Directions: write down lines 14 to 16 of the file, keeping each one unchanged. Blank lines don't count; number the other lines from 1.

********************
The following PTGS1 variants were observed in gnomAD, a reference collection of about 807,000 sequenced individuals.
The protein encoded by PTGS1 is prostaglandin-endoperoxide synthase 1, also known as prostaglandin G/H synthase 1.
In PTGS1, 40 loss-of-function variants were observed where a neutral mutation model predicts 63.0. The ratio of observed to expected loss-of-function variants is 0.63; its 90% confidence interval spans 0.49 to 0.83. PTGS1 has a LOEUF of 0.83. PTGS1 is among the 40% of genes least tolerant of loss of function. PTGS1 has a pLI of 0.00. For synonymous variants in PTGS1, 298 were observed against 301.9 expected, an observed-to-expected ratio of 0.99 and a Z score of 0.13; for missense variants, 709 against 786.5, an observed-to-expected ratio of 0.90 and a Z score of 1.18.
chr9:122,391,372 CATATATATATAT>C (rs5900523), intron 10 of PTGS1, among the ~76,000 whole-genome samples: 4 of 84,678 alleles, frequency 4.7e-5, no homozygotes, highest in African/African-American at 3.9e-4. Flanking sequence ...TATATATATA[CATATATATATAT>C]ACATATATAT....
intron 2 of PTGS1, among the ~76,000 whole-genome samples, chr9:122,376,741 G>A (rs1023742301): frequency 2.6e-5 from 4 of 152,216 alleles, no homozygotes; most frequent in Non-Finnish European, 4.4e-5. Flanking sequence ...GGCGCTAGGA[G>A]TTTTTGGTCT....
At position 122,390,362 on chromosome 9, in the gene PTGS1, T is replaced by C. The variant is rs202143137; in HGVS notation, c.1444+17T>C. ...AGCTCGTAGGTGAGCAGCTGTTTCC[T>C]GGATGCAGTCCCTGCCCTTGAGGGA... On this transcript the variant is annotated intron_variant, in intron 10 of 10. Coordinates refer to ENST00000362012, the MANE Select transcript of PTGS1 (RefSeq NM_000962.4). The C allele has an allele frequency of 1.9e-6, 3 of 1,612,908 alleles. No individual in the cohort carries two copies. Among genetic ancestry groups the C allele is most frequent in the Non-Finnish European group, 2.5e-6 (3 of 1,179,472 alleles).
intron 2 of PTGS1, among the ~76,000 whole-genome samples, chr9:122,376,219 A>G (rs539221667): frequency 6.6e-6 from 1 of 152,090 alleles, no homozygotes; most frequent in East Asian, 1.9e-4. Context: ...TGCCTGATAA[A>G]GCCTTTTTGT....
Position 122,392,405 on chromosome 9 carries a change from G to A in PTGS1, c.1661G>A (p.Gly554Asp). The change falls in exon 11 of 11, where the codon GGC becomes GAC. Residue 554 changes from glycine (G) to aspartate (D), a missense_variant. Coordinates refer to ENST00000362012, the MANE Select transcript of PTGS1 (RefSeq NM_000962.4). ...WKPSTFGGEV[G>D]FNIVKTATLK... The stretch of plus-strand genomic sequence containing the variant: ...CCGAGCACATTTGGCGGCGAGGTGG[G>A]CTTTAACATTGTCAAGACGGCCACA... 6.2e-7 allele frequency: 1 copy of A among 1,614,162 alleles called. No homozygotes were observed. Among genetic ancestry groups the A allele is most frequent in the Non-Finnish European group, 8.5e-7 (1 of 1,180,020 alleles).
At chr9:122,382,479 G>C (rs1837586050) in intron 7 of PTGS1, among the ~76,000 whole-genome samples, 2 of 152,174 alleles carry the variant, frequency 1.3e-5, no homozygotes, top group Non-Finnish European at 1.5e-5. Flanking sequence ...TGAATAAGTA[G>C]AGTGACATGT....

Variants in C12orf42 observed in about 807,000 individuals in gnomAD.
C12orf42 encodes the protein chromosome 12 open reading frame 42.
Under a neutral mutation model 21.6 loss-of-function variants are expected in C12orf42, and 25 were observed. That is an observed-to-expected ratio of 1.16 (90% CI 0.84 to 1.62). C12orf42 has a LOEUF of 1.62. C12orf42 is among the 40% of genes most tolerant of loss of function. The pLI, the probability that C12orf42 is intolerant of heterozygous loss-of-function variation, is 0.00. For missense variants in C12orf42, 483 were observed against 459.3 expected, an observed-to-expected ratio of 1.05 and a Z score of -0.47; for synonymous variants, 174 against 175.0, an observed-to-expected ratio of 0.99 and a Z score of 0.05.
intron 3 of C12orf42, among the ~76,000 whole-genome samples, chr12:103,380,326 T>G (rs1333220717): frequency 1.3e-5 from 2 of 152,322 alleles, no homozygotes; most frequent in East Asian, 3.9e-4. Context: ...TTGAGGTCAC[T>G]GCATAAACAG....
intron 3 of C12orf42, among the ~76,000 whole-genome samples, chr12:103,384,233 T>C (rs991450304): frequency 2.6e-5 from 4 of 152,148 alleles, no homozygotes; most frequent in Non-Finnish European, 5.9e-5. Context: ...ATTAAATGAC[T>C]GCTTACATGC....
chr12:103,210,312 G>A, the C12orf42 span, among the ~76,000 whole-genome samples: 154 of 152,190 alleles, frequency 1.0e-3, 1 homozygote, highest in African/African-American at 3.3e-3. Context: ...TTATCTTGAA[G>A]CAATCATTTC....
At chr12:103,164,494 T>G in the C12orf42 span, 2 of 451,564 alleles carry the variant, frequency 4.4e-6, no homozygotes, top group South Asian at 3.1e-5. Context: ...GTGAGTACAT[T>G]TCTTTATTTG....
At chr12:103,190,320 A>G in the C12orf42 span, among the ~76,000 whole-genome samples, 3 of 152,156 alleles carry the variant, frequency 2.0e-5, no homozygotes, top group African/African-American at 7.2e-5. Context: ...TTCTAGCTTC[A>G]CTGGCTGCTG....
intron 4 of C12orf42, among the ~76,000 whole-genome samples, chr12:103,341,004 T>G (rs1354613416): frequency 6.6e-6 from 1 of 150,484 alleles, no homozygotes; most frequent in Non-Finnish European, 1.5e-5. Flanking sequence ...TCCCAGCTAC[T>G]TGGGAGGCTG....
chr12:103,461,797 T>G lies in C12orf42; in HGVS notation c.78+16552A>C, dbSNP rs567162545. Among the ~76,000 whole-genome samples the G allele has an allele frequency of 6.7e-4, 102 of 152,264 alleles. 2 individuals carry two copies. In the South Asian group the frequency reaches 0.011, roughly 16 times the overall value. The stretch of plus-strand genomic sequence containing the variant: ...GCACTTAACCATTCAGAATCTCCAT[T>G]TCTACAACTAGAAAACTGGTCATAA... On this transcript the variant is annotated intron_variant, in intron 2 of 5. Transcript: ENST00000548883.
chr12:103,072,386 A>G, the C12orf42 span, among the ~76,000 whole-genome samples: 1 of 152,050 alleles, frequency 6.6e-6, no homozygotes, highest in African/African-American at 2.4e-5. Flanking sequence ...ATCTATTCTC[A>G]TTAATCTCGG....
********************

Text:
intron 3 of C12orf42, among the ~76,000 whole-genome samples, chr12:103,384,233 T>C (rs991450304): frequency 2.6e-5 from 4 of 152,148 alleles, no homozygotes; most frequent in Non-Finnish European, 5.9e-5. Context: ...ATTAAATGAC[T>C]GCTTACATGC....
chr12:103,210,312 G>A, the C12orf42 span, among the ~76,000 whole-genome samples: 154 of 152,190 alleles, frequency 1.0e-3, 1 homozygote, highest in African/African-American at 3.3e-3. Context: ...TTATCTTGAA[G>A]CAATCATTTC....
At chr12:103,164,494 T>G in the C12orf42 span, 2 of 451,564 alleles carry the variant, frequency 4.4e-6, no homozygotes, top group South Asian at 3.1e-5. Context: ...GTGAGTACAT[T>G]TCTTTATTTG....